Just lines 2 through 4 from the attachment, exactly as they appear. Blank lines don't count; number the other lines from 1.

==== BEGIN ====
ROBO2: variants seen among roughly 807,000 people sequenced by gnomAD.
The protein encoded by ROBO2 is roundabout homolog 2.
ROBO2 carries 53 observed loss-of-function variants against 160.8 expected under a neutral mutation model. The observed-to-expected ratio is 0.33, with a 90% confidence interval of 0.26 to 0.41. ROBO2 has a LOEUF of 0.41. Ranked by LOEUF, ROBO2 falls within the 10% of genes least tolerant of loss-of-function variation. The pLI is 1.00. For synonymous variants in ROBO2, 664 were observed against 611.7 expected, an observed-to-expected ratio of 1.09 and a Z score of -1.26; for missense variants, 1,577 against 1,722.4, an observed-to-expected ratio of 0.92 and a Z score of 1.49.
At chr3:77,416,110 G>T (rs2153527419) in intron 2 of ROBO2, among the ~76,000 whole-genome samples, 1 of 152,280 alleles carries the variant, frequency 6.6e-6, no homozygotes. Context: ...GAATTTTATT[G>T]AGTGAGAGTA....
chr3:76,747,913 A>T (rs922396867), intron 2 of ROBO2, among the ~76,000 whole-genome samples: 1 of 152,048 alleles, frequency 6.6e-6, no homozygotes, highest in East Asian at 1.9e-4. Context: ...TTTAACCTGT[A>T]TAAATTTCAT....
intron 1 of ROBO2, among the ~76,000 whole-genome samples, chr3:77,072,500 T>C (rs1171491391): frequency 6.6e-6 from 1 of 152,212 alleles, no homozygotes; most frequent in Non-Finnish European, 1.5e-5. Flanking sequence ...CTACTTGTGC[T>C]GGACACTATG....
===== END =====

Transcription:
The protein encoded by ROBO2 is roundabout homolog 2.
ROBO2 carries 53 observed loss-of-function variants against 160.8 expected under a neutral mutation model. The observed-to-expected ratio is 0.33, with a 90% confidence interval of 0.26 to 0.41. ROBO2 has a LOEUF of 0.41. Ranked by LOEUF, ROBO2 falls within the 10% of genes least tolerant of loss-of-function variation. The pLI is 1.00. For synonymous variants in ROBO2, 664 were observed against 611.7 expected, an observed-to-expected ratio of 1.09 and a Z score of -1.26; for missense variants, 1,577 against 1,722.4, an observed-to-expected ratio of 0.92 and a Z score of 1.49.
At chr3:77,416,110 G>T (rs2153527419) in intron 2 of ROBO2, among the ~76,000 whole-genome samples, 1 of 152,280 alleles carries the variant, frequency 6.6e-6, no homozygotes. Context: ...GAATTTTATT[G>T]AGTGAGAGTA....